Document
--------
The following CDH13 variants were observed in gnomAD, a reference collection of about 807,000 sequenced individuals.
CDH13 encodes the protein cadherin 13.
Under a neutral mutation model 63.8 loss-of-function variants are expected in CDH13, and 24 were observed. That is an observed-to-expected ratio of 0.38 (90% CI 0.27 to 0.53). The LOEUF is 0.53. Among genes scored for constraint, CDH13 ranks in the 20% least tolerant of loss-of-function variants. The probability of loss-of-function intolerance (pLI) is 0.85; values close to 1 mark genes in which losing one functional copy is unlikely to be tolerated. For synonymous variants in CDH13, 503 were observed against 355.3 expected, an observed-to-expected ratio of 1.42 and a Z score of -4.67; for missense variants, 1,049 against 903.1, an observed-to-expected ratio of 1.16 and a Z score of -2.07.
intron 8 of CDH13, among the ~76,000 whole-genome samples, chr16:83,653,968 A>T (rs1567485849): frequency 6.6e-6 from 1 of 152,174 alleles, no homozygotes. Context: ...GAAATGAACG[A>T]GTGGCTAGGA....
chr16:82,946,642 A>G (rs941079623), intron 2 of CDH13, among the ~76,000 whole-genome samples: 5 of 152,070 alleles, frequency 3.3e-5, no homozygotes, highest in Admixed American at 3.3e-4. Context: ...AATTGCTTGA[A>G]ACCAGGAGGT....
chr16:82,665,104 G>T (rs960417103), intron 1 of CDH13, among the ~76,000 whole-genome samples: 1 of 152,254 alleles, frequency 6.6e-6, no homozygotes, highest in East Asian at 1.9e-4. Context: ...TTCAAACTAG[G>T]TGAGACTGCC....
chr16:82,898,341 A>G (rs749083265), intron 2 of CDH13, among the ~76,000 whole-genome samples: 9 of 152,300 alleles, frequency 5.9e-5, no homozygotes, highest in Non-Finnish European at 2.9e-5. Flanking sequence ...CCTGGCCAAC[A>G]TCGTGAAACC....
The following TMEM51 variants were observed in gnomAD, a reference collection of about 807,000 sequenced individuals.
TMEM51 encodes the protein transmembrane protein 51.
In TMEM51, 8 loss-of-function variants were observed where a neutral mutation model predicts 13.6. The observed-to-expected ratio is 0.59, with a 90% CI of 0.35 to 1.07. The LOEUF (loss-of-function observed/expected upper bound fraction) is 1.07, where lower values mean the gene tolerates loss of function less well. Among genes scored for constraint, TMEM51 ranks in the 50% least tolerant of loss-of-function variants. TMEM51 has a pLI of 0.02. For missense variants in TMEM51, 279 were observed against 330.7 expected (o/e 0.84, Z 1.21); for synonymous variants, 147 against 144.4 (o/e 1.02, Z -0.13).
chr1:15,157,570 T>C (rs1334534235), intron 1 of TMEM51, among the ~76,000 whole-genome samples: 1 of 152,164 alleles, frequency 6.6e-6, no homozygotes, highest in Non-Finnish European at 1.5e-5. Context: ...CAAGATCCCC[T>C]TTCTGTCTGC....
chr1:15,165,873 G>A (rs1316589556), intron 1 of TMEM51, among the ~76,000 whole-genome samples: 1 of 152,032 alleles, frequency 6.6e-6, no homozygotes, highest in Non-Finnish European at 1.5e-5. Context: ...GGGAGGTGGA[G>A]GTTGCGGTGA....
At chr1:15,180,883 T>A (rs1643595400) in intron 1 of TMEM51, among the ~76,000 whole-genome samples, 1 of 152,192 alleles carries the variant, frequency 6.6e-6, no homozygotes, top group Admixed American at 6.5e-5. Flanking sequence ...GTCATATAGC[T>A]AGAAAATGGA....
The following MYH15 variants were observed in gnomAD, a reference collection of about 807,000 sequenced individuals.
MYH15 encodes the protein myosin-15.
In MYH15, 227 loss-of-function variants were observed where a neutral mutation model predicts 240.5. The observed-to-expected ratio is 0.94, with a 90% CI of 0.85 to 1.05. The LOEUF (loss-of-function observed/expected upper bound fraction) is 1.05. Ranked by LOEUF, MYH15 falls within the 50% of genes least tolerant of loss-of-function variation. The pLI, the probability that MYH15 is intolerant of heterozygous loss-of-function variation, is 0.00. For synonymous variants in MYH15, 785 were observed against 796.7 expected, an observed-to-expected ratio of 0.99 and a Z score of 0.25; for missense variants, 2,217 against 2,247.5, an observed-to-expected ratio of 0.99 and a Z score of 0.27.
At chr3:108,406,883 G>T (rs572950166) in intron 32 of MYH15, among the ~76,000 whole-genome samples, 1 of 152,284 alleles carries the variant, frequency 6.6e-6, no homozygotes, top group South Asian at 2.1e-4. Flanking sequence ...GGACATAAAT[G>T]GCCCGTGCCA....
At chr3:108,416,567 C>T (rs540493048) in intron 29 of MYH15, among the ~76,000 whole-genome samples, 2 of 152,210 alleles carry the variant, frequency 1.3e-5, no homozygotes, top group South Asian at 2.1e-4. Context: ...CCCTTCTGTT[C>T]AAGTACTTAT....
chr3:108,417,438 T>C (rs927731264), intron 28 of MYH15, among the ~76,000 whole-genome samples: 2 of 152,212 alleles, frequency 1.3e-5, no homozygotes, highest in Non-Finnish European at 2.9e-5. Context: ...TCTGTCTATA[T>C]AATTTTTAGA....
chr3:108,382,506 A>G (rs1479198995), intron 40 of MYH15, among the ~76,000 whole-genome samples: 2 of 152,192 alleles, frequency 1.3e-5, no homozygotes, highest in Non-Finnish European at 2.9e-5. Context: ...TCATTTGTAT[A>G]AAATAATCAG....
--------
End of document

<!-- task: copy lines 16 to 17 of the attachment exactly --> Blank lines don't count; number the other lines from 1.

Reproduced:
In MYH15, 227 loss-of-function variants were observed where a neutral mutation model predicts 240.5. The observed-to-expected ratio is 0.94, with a 90% CI of 0.85 to 1.05. The LOEUF (loss-of-function observed/expected upper bound fraction) is 1.05. Ranked by LOEUF, MYH15 falls within the 50% of genes least tolerant of loss-of-function variation. The pLI, the probability that MYH15 is intolerant of heterozygous loss-of-function variation, is 0.00. For synonymous variants in MYH15, 785 were observed against 796.7 expected, an observed-to-expected ratio of 0.99 and a Z score of 0.25; for missense variants, 2,217 against 2,247.5, an observed-to-expected ratio of 0.99 and a Z score of 0.27.
At chr3:108,406,883 G>T (rs572950166) in intron 32 of MYH15, among the ~76,000 whole-genome samples, 1 of 152,284 alleles carries the variant, frequency 6.6e-6, no homozygotes, top group South Asian at 2.1e-4. Flanking sequence ...GGACATAAAT[G>T]GCCCGTGCCA....